One way is to talk to governments, but that is not always working. So how are we going to do it in a different way? And my thinking was there's one stakeholder who will benefit hugely from that. And these are the patients. Because if you think about this huge transformation, we are talking about the health care providers. I think they would benefit as well, but not immediately. There's also this change that needs to happen.
The patients, however, they have no say in all this. We are very, very passive in the health care system. So the idea was: what if we use these digital technologies to give patients the tools to start measuring their outcomes, but in a way that will be listened to and it will only be listened to if it's standardised.
So you're writing 'I'm very tired', is interesting, but doesn't mean anything to a scientist. But if you say that I have a level of fatigue that doesn't allow me to do my daily shopping or doesn't allow me to get out of my house, and this is how fatigue is being measured in a certain way, then it means something to a scientist.
So the idea was, okay, what if we were to give to patients these digital tools so they start measuring these outcomes in a standardised way, and this creates a language, a common language, between patients and physicians, but at the same time it creates transparency of outcomes and it gives to the patients the possibility to actually measure what they can report - the patient reported outcomes.
But this also gives them the possibility to see when it works, when it doesn't, where it works better, and where it works least well.
Now the data are being aggregated in independent entities, which we call the observatories, and the mission of the observatory is to observe health. So to observe the outcomes.
It's not about creating a blame. So it's not something like TripAdvisor for health that you see that the outcomes are better in this hospital or in other, but it creates the transparency of the outcomes and it creates the incentives in people to actually start comparing and see what works and what doesn't and what they can do better and what they can do less well.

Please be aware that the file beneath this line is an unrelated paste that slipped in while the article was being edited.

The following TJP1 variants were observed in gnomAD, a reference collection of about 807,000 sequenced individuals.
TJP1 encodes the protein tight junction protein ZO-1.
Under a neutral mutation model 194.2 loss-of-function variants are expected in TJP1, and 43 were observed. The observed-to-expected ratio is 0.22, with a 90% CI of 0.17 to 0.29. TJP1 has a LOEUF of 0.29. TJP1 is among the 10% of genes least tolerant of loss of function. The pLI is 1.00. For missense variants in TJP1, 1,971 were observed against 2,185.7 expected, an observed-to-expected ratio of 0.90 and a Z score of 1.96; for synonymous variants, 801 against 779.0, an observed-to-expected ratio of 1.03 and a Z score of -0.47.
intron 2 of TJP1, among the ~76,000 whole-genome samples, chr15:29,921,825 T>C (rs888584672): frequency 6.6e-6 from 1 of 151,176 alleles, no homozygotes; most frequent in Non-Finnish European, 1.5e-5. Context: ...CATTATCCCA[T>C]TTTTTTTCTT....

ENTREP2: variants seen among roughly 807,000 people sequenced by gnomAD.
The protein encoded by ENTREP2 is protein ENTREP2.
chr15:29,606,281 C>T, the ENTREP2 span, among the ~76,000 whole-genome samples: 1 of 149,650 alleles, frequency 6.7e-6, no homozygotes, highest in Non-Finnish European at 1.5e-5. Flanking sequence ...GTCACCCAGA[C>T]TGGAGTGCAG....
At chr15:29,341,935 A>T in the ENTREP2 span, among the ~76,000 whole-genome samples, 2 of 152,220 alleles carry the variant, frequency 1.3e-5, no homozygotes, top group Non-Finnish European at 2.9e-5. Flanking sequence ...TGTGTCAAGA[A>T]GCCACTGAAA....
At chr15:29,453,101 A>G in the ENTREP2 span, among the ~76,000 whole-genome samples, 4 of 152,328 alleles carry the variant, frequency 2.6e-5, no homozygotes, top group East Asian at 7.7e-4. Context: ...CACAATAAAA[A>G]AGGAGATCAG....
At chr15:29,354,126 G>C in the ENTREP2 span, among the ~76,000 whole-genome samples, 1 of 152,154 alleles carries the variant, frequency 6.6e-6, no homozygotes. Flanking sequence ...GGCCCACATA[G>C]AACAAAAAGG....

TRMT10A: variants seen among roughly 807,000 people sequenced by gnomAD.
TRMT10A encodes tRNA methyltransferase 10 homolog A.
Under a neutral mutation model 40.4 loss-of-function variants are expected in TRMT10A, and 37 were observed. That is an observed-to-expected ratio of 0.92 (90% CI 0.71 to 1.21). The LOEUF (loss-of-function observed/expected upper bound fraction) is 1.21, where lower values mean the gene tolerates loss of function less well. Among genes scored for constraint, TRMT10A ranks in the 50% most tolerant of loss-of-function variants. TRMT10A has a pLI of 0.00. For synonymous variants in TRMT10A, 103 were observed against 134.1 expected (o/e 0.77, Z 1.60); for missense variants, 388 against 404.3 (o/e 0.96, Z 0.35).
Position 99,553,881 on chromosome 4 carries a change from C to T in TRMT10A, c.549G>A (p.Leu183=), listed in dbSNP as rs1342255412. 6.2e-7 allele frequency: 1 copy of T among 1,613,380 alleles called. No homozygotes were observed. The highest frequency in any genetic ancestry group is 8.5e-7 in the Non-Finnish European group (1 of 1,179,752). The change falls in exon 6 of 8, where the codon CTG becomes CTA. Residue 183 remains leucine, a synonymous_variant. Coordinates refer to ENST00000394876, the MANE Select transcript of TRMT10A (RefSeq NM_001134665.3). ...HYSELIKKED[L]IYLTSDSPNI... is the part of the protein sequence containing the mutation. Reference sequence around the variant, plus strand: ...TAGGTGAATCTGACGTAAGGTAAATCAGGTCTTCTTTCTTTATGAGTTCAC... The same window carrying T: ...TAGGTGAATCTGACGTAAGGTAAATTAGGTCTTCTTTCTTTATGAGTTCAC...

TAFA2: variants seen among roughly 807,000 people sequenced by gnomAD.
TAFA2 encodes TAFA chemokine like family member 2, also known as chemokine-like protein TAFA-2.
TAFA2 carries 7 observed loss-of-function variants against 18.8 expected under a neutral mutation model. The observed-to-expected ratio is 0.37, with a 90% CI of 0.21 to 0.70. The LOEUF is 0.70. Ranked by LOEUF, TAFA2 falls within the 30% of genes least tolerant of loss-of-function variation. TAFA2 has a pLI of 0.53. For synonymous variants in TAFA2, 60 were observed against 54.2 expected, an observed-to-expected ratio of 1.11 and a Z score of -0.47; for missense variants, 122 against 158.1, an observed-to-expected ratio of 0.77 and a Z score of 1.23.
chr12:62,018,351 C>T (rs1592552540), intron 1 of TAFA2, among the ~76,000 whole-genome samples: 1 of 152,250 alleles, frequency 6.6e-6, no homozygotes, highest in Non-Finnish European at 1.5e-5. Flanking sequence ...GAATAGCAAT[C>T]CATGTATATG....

Robin Pomeroy: And that is not done on a patient by patient basis or hospital by hospital. Regional, Countrywide?
Meni Styliadou: Yes. So to make this work, you need to work with the physicians. You need to work with the doctors. Because I have to say that they are very frustrated themselves with the way the health care system is being delivered.
Now, not all are equally incentivised or equally inspired by this, but there are a lot of physicians who actually really want to work with a standardised way for measuring patient outcomes and really finding ways to improve patient outcomes.
These millions of people have become doctors because they want to improve patient outcomes. Life sometimes could make them cynical like it does with all of us, but their intentions are the right ones.
So we've started this in a consortium with a number of top academic hospitals across Europe, and we are now three years now that we started the project. And actually I'm very pleased to say that we now start implementing this proposal. These hospitals are now starting utilising these patient reported outcomes in their communications with the patients. So these are in Germany, Austria, Netherlands and Spain. These are some, as I said, top academic hospitals there. But it starts. I hear now that there's more and more interest, for example, in Germany with other hospitals to also join to engage in this patient centred way of communicating.